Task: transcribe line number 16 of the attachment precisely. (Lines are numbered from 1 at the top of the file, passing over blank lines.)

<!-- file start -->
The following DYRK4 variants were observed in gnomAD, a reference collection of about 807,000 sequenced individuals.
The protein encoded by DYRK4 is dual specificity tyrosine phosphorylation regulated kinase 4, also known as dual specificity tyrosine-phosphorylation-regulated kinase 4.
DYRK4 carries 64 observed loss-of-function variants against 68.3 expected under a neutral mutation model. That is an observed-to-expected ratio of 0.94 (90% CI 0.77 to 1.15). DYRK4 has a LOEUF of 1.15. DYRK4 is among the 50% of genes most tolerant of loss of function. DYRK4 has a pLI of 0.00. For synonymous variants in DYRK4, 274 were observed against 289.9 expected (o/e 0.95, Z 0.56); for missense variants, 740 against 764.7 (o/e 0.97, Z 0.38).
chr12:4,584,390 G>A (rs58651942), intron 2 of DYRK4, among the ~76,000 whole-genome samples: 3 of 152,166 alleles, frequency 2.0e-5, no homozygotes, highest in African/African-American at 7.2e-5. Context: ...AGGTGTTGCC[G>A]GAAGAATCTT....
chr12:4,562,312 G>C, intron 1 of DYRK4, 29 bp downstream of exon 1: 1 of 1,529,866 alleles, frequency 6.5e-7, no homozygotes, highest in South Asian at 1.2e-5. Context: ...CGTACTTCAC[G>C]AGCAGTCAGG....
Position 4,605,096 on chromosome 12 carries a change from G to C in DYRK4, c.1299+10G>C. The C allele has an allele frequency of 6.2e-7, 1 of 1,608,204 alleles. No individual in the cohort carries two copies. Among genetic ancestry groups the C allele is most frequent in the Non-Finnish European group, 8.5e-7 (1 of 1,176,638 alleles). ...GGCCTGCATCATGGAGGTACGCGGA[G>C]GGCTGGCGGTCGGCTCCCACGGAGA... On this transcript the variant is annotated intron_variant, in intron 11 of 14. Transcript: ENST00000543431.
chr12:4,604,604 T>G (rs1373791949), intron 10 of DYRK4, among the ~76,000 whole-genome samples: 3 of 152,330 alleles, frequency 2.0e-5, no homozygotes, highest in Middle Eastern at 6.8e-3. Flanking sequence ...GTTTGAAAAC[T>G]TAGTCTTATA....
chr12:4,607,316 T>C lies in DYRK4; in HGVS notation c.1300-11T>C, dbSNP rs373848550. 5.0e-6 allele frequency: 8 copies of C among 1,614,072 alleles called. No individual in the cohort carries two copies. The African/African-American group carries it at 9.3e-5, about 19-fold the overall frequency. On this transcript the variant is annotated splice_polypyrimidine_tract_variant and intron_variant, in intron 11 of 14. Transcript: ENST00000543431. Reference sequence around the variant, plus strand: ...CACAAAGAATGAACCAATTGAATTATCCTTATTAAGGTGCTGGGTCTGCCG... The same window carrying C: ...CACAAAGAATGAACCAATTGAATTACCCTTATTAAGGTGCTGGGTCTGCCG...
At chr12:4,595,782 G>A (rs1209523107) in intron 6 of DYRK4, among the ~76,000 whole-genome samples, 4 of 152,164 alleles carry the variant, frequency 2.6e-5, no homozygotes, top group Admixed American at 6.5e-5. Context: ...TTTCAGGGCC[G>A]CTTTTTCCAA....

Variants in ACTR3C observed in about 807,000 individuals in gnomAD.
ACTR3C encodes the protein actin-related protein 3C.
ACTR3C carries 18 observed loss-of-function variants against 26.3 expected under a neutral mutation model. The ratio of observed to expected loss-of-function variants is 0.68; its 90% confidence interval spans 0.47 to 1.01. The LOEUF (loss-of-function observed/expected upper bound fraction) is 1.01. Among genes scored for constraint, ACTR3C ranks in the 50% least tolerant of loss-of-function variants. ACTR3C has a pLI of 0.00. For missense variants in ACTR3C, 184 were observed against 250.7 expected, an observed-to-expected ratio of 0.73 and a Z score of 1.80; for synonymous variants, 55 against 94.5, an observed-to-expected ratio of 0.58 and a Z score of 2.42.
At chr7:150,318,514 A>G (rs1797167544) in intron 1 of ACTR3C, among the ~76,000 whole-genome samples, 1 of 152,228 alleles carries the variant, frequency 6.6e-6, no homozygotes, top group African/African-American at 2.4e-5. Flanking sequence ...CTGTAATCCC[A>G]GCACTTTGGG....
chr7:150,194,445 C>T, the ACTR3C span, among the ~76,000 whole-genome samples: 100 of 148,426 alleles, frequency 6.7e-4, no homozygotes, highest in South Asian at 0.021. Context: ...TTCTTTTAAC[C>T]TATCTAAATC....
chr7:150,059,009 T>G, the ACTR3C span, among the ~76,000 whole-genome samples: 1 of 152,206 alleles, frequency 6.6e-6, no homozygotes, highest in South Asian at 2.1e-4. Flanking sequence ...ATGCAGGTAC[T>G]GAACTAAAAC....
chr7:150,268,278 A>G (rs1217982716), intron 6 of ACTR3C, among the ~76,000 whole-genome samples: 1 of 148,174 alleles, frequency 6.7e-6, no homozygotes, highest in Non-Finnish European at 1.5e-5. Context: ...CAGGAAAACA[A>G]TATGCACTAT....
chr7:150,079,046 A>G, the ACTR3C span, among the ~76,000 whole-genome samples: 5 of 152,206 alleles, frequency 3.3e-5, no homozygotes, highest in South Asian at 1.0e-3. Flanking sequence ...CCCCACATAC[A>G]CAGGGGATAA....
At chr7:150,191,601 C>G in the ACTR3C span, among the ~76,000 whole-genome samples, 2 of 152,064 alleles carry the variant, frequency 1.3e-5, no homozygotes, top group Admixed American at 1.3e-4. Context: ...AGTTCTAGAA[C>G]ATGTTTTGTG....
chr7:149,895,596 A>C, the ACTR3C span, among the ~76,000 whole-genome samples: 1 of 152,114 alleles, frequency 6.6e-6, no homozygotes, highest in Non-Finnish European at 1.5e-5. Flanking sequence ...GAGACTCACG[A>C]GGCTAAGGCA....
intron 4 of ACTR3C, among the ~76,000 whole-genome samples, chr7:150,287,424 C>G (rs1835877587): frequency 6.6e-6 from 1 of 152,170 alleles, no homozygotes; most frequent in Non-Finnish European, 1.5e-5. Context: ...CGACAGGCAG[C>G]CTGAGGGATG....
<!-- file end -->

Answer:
chr7:150,268,278 A>G (rs1217982716), intron 6 of ACTR3C, among the ~76,000 whole-genome samples: 1 of 148,174 alleles, frequency 6.7e-6, no homozygotes, highest in Non-Finnish European at 1.5e-5. Context: ...CAGGAAAACA[A>G]TATGCACTAT....